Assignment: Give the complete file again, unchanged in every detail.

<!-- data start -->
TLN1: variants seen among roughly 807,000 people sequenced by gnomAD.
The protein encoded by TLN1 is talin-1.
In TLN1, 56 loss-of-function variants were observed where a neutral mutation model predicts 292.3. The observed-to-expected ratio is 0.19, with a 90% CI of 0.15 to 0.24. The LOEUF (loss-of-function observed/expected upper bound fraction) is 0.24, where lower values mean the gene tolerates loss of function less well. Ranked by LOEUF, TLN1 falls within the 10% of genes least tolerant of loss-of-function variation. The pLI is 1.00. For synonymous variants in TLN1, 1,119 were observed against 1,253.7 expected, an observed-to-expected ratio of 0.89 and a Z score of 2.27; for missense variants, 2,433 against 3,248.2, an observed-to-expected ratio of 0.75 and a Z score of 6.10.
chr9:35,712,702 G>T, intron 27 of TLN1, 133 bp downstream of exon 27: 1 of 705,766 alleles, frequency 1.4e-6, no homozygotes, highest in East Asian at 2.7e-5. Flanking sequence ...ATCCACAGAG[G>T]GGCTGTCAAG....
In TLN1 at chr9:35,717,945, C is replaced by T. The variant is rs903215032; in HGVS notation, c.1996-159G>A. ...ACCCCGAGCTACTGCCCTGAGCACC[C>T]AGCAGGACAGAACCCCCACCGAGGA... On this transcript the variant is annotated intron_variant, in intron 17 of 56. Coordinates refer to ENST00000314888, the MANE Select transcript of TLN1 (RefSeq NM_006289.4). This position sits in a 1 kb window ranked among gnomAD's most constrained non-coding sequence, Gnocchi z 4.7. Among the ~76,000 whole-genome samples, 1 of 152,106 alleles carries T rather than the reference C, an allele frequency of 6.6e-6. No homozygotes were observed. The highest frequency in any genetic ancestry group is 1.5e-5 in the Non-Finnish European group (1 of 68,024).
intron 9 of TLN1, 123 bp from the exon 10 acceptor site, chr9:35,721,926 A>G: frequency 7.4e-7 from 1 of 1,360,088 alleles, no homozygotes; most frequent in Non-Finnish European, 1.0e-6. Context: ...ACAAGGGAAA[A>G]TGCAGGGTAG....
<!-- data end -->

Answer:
TLN1: variants seen among roughly 807,000 people sequenced by gnomAD.
The protein encoded by TLN1 is talin-1.
In TLN1, 56 loss-of-function variants were observed where a neutral mutation model predicts 292.3. The observed-to-expected ratio is 0.19, with a 90% CI of 0.15 to 0.24. The LOEUF (loss-of-function observed/expected upper bound fraction) is 0.24, where lower values mean the gene tolerates loss of function less well. Ranked by LOEUF, TLN1 falls within the 10% of genes least tolerant of loss-of-function variation. The pLI is 1.00. For synonymous variants in TLN1, 1,119 were observed against 1,253.7 expected, an observed-to-expected ratio of 0.89 and a Z score of 2.27; for missense variants, 2,433 against 3,248.2, an observed-to-expected ratio of 0.75 and a Z score of 6.10.
chr9:35,712,702 G>T, intron 27 of TLN1, 133 bp downstream of exon 27: 1 of 705,766 alleles, frequency 1.4e-6, no homozygotes, highest in East Asian at 2.7e-5. Flanking sequence ...ATCCACAGAG[G>T]GGCTGTCAAG....
In TLN1 at chr9:35,717,945, C is replaced by T. The variant is rs903215032; in HGVS notation, c.1996-159G>A. ...ACCCCGAGCTACTGCCCTGAGCACC[C>T]AGCAGGACAGAACCCCCACCGAGGA... On this transcript the variant is annotated intron_variant, in intron 17 of 56. Coordinates refer to ENST00000314888, the MANE Select transcript of TLN1 (RefSeq NM_006289.4). This position sits in a 1 kb window ranked among gnomAD's most constrained non-coding sequence, Gnocchi z 4.7. Among the ~76,000 whole-genome samples, 1 of 152,106 alleles carries T rather than the reference C, an allele frequency of 6.6e-6. No homozygotes were observed. The highest frequency in any genetic ancestry group is 1.5e-5 in the Non-Finnish European group (1 of 68,024).
intron 9 of TLN1, 123 bp from the exon 10 acceptor site, chr9:35,721,926 A>G: frequency 7.4e-7 from 1 of 1,360,088 alleles, no homozygotes; most frequent in Non-Finnish European, 1.0e-6. Context: ...ACAAGGGAAA[A>G]TGCAGGGTAG....